BOISE — Following the 2002 baseball season, Steve Soliz made a choice.

After nearly a decade in professional baseball without making it to the Major Leagues, the catcher had ended his career with a short stint playing independent baseball in Yuma, Arizona, and decided to pursue his second passion — coaching.

“At that point, I was 31-years-old, I had arm surgery, spent the last four or five years in AAA,” said Soliz, who is entering his first season as a manager this year, with the Boise Hawks. “I was a catch and throw, no-hit guy. The writing was on the wall and I said, ‘It’s time. It’s time to transition to the second career, so to speak, and attack the coaching profession.’”

Soliz found a job for the 2003 season as the bullpen and catching coach for the defending World Series Champion, Anaheim Angels. He didn’t have to look for another job until this past offseason, spending the next 16 years on the Angels’ staff.

“The challenge for me, and what was really intriguing to me was, I’ve learned a lot of baseball,” Soliz said. “Now to see if I can apply it as a manager, myself, at this level, is something I’m definitely looking forward to, personally.”

Soliz will make his managerial debut on Friday when the Boise Hawks open the season at the Salem-Keizer Volcanoes. He was hired by the Colorado Rockies this past offseason to coach their Short-Season ‘A’ team, replacing Scott Little, who was promoted to the manager of the High ‘A’ Lancaster JetHawks.

The Hawks’ new skipper brings with him years of experience in the Major Leagues, where he’s worked with the likes of Mike Scioscia, Joe Maddon, Ron Roenicke and Rockies’ manager, Bud Black.

“He didn’t get to work a lot with Mike Trout and Albert Pujols, but he sees tidbits here and there,” said Hawks’ first baseman Daniel Jipping. “Just knowledge of (the) game, being a bullpen coach and a catching coach and then him playing, too, those are some big useful things that he provides.”

Soliz coached under Scioscia for his entire time with the Angels. But after Scioscia stepped down following last season, Soliz too, found himself looking for a new job.

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He said he was open to anything, be it a managing job in the minor leagues or another bench job in the Major Leagues. He said he made many calls, inquiring if teams had any openings.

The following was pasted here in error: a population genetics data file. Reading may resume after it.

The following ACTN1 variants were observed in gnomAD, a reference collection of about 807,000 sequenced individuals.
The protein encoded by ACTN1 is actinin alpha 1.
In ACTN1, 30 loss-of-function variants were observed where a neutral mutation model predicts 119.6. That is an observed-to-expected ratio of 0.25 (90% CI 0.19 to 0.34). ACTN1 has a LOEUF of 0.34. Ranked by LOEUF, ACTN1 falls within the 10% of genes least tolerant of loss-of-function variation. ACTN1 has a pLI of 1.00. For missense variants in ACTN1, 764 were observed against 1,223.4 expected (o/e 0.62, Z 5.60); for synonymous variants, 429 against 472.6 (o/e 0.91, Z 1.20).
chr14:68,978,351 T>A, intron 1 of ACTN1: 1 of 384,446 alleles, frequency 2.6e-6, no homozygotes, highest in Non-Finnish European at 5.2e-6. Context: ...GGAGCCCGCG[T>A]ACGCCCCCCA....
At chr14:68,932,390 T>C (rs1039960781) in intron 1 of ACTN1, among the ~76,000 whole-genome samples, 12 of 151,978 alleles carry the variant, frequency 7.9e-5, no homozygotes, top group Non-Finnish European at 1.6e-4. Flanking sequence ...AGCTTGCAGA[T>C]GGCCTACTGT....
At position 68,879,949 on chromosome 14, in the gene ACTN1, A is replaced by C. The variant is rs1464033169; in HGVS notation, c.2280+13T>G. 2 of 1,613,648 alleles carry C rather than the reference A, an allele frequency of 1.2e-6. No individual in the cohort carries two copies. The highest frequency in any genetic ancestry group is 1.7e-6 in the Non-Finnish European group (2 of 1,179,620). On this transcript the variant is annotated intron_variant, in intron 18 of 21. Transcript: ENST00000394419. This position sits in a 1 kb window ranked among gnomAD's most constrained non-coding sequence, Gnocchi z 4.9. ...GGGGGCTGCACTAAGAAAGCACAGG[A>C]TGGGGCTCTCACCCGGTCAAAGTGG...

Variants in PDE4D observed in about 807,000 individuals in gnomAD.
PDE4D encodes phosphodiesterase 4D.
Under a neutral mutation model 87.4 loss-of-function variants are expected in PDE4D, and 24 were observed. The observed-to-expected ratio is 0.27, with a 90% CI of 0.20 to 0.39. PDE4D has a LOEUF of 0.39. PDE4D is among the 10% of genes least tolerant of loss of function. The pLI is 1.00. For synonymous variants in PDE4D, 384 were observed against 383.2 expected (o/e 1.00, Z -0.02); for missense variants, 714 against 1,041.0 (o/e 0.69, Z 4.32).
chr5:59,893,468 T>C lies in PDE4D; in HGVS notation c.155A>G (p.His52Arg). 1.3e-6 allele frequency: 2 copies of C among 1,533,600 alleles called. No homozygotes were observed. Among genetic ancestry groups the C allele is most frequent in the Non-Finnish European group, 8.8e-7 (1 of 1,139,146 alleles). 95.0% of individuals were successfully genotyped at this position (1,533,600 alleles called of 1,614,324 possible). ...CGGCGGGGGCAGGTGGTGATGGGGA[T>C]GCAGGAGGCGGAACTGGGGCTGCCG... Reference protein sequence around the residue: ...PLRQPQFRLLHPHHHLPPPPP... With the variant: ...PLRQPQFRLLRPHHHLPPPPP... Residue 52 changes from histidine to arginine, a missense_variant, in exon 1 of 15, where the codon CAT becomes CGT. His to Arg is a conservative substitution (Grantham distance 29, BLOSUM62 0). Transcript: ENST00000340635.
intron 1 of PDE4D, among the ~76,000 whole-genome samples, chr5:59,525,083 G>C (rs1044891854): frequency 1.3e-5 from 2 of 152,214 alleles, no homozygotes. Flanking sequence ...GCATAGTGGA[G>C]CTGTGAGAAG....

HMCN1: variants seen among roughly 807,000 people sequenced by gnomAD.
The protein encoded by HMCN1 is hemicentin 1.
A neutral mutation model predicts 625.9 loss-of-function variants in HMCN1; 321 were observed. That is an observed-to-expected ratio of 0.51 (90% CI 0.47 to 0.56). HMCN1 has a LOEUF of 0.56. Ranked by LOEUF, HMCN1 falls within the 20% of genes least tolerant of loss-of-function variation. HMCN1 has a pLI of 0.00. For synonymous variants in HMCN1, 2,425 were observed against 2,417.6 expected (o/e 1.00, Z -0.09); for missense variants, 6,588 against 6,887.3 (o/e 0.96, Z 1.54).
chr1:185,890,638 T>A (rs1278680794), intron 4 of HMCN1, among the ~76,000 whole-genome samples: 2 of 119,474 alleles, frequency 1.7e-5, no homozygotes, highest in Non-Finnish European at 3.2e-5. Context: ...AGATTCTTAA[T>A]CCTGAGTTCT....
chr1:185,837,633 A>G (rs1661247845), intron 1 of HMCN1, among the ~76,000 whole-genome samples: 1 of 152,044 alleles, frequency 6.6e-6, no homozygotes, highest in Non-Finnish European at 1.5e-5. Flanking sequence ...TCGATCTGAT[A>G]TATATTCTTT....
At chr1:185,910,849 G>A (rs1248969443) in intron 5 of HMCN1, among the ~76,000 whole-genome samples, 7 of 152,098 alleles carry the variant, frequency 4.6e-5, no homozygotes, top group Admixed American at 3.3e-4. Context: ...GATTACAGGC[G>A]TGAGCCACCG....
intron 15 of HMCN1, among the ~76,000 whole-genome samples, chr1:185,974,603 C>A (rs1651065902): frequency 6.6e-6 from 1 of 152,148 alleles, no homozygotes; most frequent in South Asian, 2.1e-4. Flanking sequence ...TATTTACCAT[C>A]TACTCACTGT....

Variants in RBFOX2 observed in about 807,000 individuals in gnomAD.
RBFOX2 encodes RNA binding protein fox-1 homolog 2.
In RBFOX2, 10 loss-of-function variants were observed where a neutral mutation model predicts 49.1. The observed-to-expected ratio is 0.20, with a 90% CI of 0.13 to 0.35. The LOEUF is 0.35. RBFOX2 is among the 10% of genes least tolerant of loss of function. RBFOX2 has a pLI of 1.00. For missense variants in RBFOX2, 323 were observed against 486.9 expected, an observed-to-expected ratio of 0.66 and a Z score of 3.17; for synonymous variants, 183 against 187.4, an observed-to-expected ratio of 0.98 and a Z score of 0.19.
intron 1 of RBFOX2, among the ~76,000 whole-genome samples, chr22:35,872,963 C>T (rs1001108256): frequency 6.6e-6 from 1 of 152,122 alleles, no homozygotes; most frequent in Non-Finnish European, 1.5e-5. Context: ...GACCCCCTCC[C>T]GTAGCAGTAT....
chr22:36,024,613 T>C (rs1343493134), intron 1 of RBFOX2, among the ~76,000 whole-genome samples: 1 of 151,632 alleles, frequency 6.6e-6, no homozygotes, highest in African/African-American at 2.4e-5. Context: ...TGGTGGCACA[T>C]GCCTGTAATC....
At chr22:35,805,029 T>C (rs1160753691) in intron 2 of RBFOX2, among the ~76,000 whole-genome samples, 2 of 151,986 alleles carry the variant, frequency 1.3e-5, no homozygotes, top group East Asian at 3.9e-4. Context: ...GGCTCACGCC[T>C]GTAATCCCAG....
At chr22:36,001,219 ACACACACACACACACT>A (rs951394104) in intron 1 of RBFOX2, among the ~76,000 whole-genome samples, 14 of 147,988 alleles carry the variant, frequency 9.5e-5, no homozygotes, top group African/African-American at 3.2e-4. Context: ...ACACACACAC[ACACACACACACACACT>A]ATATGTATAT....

One of the calls he made was to Black, who was the Angels’ pitching coach before being hired as the San Diego Padres’ manager in 2007. Black was hired by the Rockies in 2017.

Black put Soliz in touch with Zach Wilson, the Rockies’ Farm Director, and in January, Soliz was named as the new manager of the Hawks.

“I’m of the mind that you never know where things are going to take you,” Soliz said. “So to pigeon hole myself and say, ‘Hey, I just want to be a manager’ or ‘I just want to be a major league catching coach, or bullpen coach, or what not,’ would be foolish in my opinion. I just kind of cast a wide net and lo and behold, a manager’s job came open and I got it. I’m lucky for it and I’m looking forward to it.”

He got a bit of a crash course during extended spring training, getting roughly a couple dozen games under his belt with the Hawks.

Soliz said there’s a learning curve with the whole process, and every game, he picks up something new. While the Hawks are batting, he’ll be coaching at third base, something he’s never done before.

But fortunately for Soliz, he has a plethora of people he can bounce ideas off of.

“The one good thing is, I have some resources to call on, obviously not in game,” said Soliz. “Freddy Ocasio, who’s the development supervisor here, has done it for years. He’s someone I can instantly get feedback on the bench. But throughout the nights, I do not hesitate to call Dino Ebel, who’s the third base coach with the Dodgers, and in my opinion, one of, if not the best, in Major League Baseball. I’ve been on the phone with him quite a bit. I’m gaining all the information, but it’s one thing to gain the information and actually see it for the first time on the field.”

John Wustrow is the assistant sports editor of the Idaho Press. He is a Michigan native and a graduate of Indiana University.

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